Good efficacy has been seen in clinical gene therapy studies using AAV. However, comparison of the different data is complex due to differences in vectors and production methods, and of how studies are reported. As already discussed, there are a number of unknowns regarding the variability and durability of FVIII and FIX expression. Some of the adverse events observed as infusion-related reactions appear to occur in ≥10% of participants, and these generally resolve with simple conservative measures allowing the infusion to be completed. The most common adverse event is an elevation in alanine transaminase (ALT) levels, leading to prolonged corticosteroid usage in participants. As the management of ALT elevation differs between clinical trials, there is a need for a greater understanding of the immune mechanisms of these reactions and of the ALT/AST ratio from the hepatology viewpoint. Long-term follow-up in clinical and pre-clinical studies reported to date have shown no adverse events of note.

The Clinical Trials: Update and Summary of Results from Phase I/II and Phase II Studies

Haemophilia A: dirloctocogene samoparvovec

Phase I or II

A dose-escalation study in males ≥18 years of age.54 Doses were between 5×1011 vg/kg and 2×1012 vg/kg, with follow-up at an average of 36.6 months (5.5–50.3 months).54 For those who maintained expression, after 1 year the average one-stage FVIII activity was 11.0 (±6.8%) IU/dL and expression was stable. There was an improvement in the median annualised bleeding rate (ABR) from 8.5 events/year prior to the study to 0.3 events after treatment.54 A single infusion-related reaction occurred 12 hours after infusion, which was resolved in 72 hours. Elevation in ALT enzymes occurred in 39% (n=7) of participants in the 2.0×1012 and 1.5×1012 cohorts. One serious adverse event with Grade 2 elevation required admission and two participants lost vector expression.54 Corticosteroid use was on a reactive basis on evidence of a capsid immune response.54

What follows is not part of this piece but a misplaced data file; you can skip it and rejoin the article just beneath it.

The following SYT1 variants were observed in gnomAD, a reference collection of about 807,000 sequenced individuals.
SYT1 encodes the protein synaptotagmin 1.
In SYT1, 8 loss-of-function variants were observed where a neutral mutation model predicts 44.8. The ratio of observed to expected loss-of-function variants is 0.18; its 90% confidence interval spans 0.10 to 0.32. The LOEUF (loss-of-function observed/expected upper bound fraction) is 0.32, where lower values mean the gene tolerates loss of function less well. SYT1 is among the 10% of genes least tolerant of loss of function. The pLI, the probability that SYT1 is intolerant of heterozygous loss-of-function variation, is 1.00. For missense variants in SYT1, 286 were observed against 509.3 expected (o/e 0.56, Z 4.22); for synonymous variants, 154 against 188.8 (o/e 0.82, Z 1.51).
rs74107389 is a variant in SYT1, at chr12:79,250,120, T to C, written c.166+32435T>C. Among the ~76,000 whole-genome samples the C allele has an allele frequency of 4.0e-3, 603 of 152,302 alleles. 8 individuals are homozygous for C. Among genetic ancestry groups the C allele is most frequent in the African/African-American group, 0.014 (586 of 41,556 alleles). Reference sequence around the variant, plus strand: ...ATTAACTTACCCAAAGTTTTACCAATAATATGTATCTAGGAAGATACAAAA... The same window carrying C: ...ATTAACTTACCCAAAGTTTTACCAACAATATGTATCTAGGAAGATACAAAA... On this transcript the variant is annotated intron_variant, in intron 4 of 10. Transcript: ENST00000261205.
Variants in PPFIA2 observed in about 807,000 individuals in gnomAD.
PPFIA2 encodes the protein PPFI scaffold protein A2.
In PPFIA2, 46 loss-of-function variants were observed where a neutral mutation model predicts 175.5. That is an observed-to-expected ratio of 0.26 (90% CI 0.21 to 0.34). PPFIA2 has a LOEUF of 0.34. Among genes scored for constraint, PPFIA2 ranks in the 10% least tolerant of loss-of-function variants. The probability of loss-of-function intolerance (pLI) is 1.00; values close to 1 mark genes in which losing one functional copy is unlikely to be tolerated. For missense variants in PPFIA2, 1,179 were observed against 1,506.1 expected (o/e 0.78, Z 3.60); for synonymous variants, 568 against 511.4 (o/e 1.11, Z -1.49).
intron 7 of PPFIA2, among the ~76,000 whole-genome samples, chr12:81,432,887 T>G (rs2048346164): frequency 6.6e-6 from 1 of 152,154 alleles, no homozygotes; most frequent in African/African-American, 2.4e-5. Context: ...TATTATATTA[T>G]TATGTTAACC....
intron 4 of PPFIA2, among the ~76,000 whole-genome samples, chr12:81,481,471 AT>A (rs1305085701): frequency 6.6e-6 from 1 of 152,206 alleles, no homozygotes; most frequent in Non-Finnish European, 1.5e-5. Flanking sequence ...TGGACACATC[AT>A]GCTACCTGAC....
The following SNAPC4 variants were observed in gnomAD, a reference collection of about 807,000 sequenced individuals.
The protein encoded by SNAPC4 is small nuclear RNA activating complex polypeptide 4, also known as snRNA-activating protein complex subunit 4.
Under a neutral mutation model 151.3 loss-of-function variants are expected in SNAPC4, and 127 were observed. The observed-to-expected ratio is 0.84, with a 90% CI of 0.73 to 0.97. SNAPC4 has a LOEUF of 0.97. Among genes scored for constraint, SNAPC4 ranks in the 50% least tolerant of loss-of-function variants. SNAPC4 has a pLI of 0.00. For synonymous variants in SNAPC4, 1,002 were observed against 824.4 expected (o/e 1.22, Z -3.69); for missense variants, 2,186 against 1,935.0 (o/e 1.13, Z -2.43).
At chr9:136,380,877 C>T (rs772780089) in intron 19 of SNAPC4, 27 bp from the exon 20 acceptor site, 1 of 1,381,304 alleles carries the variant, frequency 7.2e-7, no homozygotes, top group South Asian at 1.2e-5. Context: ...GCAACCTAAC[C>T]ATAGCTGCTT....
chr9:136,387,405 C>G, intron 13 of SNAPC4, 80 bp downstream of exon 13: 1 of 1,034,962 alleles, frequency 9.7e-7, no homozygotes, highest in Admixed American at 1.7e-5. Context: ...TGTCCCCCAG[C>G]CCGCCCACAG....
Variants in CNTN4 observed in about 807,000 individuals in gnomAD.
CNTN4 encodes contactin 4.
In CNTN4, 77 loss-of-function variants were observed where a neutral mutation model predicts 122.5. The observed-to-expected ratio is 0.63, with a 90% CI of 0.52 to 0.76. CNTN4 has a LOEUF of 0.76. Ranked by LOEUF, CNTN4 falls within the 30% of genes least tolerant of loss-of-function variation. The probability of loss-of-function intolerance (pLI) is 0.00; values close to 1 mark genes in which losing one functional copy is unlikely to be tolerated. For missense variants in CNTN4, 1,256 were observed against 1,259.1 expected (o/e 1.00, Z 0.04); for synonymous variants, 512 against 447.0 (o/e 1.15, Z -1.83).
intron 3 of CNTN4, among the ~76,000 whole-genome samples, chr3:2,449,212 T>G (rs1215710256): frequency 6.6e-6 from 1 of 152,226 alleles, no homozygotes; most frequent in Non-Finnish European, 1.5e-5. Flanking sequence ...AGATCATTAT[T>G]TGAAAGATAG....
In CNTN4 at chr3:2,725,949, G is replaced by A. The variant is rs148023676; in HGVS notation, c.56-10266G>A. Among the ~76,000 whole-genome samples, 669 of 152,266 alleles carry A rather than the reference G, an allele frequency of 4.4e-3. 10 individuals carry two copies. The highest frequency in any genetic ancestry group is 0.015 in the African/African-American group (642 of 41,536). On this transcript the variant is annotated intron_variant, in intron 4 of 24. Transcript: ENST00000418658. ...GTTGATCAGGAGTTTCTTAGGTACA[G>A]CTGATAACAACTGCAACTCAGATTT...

Haemophilia A: valoctocogene roxaparvovec

Phase I or II

Males ≥18 years of age with severe haemophilia A and no history of inhibitors or anti-AAV antibodies received valoctocogene roxaparvovec in a single dose of 6×1013 vg/kg (n=7) and followed up for 5 years, or 4×1013 vg/kg (n=6) and followed up for 4 years. Mean chromogenic FVIII activity was 11.6 (median: 8.2) IU/dL at 5-year follow-up in the 6×1013 vg/kg cohort, and 5.6 (median: 4.8) IU/dL in the 4×1013 vg/kg cohort.50 A serious adverse event of a salivary gland carcinoma was not attributed to treatment.

Phase III (GENE-r8)

Males ≥18 years of age (N=134) with severe haemophilia A (FVIII: ≤1 IU/dL)4,5 were dosed with valoctocogene roxaparvovec at 6×1013 vg/kg. Patients with pre-existing antibodies were excluded and the primary endpoint was 12-month FVIII activity. The mean FVIII activity level at Month 12 was 42.9 (median: 23.9) IU/dL, prophylaxis was discontinued in 99% of patients, and there was a reduction from baseline of the mean ABR by 85% (p<0.0001). At Month 24, mean FVIII activity level was 23 (median: 11.8) IU/dL. After gene therapy, 79% of patients did not require treatment for bleeds.5 Infusion-related reactions occurred in 37.3% (n=50).5 Adverse events included elevation in ALT enzymes (119/134; 89%) requiring steroid treatment,55 headache (41%; n=55), arthralgia (40%; n=53), nausea (38%; n=51), AST increase (35%; n=47), fatigue (30%; n=40), and 106 (79.1%) received corticosteroid treatment at 8.1 weeks over 230 days duration.

Haemophilia B: etranacogene dezaparvovec

Phase III (HOPE-B)